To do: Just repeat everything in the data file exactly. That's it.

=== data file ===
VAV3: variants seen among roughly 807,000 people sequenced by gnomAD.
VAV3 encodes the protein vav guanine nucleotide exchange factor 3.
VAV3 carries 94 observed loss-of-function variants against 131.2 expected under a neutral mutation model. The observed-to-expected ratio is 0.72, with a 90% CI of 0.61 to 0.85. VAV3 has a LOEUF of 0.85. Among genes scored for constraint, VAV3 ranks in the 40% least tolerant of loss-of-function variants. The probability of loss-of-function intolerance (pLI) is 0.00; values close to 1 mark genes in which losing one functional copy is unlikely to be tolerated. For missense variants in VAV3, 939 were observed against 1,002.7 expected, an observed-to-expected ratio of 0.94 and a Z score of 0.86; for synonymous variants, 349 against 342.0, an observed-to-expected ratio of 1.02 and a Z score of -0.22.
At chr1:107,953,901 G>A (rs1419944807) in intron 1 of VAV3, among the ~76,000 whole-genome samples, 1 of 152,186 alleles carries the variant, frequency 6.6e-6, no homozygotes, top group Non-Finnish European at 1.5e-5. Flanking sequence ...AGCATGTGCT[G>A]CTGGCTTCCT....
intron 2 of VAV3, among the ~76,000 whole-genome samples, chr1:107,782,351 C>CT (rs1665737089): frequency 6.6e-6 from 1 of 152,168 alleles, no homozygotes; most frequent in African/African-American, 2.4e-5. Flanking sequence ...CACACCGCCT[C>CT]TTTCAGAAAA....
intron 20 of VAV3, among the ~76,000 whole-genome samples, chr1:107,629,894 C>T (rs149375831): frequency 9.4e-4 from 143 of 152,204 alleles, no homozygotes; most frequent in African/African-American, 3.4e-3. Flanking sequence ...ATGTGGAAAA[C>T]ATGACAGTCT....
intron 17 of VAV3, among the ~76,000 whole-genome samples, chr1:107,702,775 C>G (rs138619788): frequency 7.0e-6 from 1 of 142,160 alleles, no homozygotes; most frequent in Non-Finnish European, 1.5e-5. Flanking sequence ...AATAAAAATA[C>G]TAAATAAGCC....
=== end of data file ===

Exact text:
VAV3: variants seen among roughly 807,000 people sequenced by gnomAD.
VAV3 encodes the protein vav guanine nucleotide exchange factor 3.
VAV3 carries 94 observed loss-of-function variants against 131.2 expected under a neutral mutation model. The observed-to-expected ratio is 0.72, with a 90% CI of 0.61 to 0.85. VAV3 has a LOEUF of 0.85. Among genes scored for constraint, VAV3 ranks in the 40% least tolerant of loss-of-function variants. The probability of loss-of-function intolerance (pLI) is 0.00; values close to 1 mark genes in which losing one functional copy is unlikely to be tolerated. For missense variants in VAV3, 939 were observed against 1,002.7 expected, an observed-to-expected ratio of 0.94 and a Z score of 0.86; for synonymous variants, 349 against 342.0, an observed-to-expected ratio of 1.02 and a Z score of -0.22.
At chr1:107,953,901 G>A (rs1419944807) in intron 1 of VAV3, among the ~76,000 whole-genome samples, 1 of 152,186 alleles carries the variant, frequency 6.6e-6, no homozygotes, top group Non-Finnish European at 1.5e-5. Flanking sequence ...AGCATGTGCT[G>A]CTGGCTTCCT....
intron 2 of VAV3, among the ~76,000 whole-genome samples, chr1:107,782,351 C>CT (rs1665737089): frequency 6.6e-6 from 1 of 152,168 alleles, no homozygotes; most frequent in African/African-American, 2.4e-5. Flanking sequence ...CACACCGCCT[C>CT]TTTCAGAAAA....
intron 20 of VAV3, among the ~76,000 whole-genome samples, chr1:107,629,894 C>T (rs149375831): frequency 9.4e-4 from 143 of 152,204 alleles, no homozygotes; most frequent in African/African-American, 3.4e-3. Flanking sequence ...ATGTGGAAAA[C>T]ATGACAGTCT....
intron 17 of VAV3, among the ~76,000 whole-genome samples, chr1:107,702,775 C>G (rs138619788): frequency 7.0e-6 from 1 of 142,160 alleles, no homozygotes; most frequent in Non-Finnish European, 1.5e-5. Flanking sequence ...AATAAAAATA[C>G]TAAATAAGCC....